Microsoft has shed light on details of a "far-reaching realignment of the company" as it seeks to unite the entire business behind a singular strategy.
Chief executive Steve Ballmer sent a 2,700-word email to all staff this morning outlining that, in the future, "our strategy will focus on creating a family of devices and services for individuals and businesses". He goes to claim that Microsoft will be "rallying behind a single strategy, not a collection of divisional strategies".
The vendor wants all its varied units and technologies - including Xbox, Windows, servers and communications - to work in a more integrated way.
"This is a big undertaking," said Ballmer. "It touches nearly every piece of what we do and how we work. It changes our org structure, the way we collaborate, how we allocate resources, how we best empower our engineers and how we market."
Employees will now be split by function, rather than specialism. The vendor will be organised into the following areas: engineering; marketing; business development and evangelism; advanced strategy and research; finance; legal; HR; and COO - which includes field, support, commercial operations and IT. Engineering ops will be sorted into four facets: operating systems; devices and studios; applications and services; and cloud and enterprise. Microsoft Dynamics is to remain as a stand-alone unit.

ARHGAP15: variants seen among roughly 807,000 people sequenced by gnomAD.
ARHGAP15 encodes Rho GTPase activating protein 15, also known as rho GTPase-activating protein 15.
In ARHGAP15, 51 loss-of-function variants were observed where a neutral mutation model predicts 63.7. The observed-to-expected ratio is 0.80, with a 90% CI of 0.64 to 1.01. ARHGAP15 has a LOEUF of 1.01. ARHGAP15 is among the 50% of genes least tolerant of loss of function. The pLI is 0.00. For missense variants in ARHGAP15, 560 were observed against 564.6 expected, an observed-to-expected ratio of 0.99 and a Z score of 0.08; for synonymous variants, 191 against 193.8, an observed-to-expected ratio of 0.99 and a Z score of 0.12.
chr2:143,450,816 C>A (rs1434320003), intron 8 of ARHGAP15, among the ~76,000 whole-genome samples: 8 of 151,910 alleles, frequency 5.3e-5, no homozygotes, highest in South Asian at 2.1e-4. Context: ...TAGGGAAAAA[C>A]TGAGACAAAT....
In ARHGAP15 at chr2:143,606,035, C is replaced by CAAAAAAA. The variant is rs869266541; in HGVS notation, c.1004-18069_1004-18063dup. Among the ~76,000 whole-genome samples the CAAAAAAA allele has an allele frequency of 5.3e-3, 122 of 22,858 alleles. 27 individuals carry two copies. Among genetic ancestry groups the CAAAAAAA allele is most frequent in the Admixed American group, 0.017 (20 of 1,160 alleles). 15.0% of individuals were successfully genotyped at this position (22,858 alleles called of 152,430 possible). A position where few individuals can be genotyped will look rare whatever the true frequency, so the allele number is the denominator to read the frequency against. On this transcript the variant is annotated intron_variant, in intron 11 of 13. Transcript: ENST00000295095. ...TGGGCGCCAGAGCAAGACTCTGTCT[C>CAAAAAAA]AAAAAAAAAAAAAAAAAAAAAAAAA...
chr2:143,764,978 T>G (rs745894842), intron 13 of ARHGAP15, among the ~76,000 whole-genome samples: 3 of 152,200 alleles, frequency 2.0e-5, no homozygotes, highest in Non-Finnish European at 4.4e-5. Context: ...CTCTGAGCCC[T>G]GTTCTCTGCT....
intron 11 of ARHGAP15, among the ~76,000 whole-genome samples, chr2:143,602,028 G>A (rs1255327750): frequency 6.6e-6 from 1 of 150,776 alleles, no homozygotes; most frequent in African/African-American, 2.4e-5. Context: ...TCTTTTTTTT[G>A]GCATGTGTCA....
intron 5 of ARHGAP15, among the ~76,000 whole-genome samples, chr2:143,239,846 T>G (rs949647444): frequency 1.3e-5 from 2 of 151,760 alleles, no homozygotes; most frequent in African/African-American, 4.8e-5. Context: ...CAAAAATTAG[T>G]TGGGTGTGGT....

Some 12 new leaders were announced for each of these divisions, while it was announced that Office head Kurt DelBene is to leave the company.
The final section of Ballmer's missive was devoted to "how we work together", with the CEO claim procedural and cultural change must take place. He outlined the five key adjectives he wants his employees to embody: nimble; communicative; collaborative; decisive; and motivated.
"Process-wise, each major initiative of the company (product or high-value scenario) will have a team that spans groups to ensure we succeed against our goals. Our strategy will drive what initiatives we agree and commit to at my staff meetings," explained Ballmer (pictured).
"Most disciplines and product groups will have a core that delivers key technology or services and then a piece that lines up with the initiatives. Each major initiative will have a champion who will be a direct report to me or one of my direct reports. The champion will organise to drive a cross-company team for success, but my whole staff will have commitment to the initiative's success."
"Culturally, our core values don't change, but how we express them and act day to day must evolve so we work together to win."
The letter can read in full here.
Struggling security titan makes three board appointments after investor took 5.8 per cent stake last month
Commvault ousted its CEO in May and has since undergone a radical refocus
As employees demand more flexible working environments, CRN asks how the channel is adapting to the changing working landscape
Wall Street less than impressed with Oracle's growth as cloud numbers remain hidden